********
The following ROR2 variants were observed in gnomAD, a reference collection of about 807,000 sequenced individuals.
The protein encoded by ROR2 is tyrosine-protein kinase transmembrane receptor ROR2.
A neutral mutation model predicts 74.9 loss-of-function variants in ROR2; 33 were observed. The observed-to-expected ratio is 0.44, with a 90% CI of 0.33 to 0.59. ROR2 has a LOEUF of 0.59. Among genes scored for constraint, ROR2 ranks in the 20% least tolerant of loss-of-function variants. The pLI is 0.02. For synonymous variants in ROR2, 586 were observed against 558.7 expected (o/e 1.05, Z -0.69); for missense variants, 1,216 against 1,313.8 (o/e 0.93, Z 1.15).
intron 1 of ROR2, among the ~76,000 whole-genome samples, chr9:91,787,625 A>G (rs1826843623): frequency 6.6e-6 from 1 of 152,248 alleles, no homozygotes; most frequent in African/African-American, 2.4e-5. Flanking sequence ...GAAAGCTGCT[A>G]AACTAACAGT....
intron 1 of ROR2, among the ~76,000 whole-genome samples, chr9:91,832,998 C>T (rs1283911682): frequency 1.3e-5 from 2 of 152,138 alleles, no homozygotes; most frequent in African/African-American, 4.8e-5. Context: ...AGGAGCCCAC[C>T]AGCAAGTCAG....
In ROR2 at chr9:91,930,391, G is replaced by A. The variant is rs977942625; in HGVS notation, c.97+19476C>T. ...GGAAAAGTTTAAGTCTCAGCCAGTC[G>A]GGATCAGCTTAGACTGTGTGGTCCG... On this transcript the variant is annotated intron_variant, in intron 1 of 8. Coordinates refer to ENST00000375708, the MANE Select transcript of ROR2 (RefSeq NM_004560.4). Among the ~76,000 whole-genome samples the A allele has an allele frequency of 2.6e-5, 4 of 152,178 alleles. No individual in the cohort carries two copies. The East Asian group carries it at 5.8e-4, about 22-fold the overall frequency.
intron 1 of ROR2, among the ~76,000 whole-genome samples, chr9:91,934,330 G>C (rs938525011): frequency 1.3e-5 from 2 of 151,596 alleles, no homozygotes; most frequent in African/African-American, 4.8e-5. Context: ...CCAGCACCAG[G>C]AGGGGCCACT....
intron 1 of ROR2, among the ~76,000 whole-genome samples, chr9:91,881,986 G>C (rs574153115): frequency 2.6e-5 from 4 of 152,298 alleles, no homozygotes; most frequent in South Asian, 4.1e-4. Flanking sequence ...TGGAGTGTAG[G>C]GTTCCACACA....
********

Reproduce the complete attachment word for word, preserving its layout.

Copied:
The following ROR2 variants were observed in gnomAD, a reference collection of about 807,000 sequenced individuals.
The protein encoded by ROR2 is tyrosine-protein kinase transmembrane receptor ROR2.
A neutral mutation model predicts 74.9 loss-of-function variants in ROR2; 33 were observed. The observed-to-expected ratio is 0.44, with a 90% CI of 0.33 to 0.59. ROR2 has a LOEUF of 0.59. Among genes scored for constraint, ROR2 ranks in the 20% least tolerant of loss-of-function variants. The pLI is 0.02. For synonymous variants in ROR2, 586 were observed against 558.7 expected (o/e 1.05, Z -0.69); for missense variants, 1,216 against 1,313.8 (o/e 0.93, Z 1.15).
intron 1 of ROR2, among the ~76,000 whole-genome samples, chr9:91,787,625 A>G (rs1826843623): frequency 6.6e-6 from 1 of 152,248 alleles, no homozygotes; most frequent in African/African-American, 2.4e-5. Flanking sequence ...GAAAGCTGCT[A>G]AACTAACAGT....
intron 1 of ROR2, among the ~76,000 whole-genome samples, chr9:91,832,998 C>T (rs1283911682): frequency 1.3e-5 from 2 of 152,138 alleles, no homozygotes; most frequent in African/African-American, 4.8e-5. Context: ...AGGAGCCCAC[C>T]AGCAAGTCAG....
In ROR2 at chr9:91,930,391, G is replaced by A. The variant is rs977942625; in HGVS notation, c.97+19476C>T. ...GGAAAAGTTTAAGTCTCAGCCAGTC[G>A]GGATCAGCTTAGACTGTGTGGTCCG... On this transcript the variant is annotated intron_variant, in intron 1 of 8. Coordinates refer to ENST00000375708, the MANE Select transcript of ROR2 (RefSeq NM_004560.4). Among the ~76,000 whole-genome samples the A allele has an allele frequency of 2.6e-5, 4 of 152,178 alleles. No individual in the cohort carries two copies. The East Asian group carries it at 5.8e-4, about 22-fold the overall frequency.
intron 1 of ROR2, among the ~76,000 whole-genome samples, chr9:91,934,330 G>C (rs938525011): frequency 1.3e-5 from 2 of 151,596 alleles, no homozygotes; most frequent in African/African-American, 4.8e-5. Context: ...CCAGCACCAG[G>C]AGGGGCCACT....
intron 1 of ROR2, among the ~76,000 whole-genome samples, chr9:91,881,986 G>C (rs574153115): frequency 2.6e-5 from 4 of 152,298 alleles, no homozygotes; most frequent in South Asian, 4.1e-4. Flanking sequence ...TGGAGTGTAG[G>C]GTTCCACACA....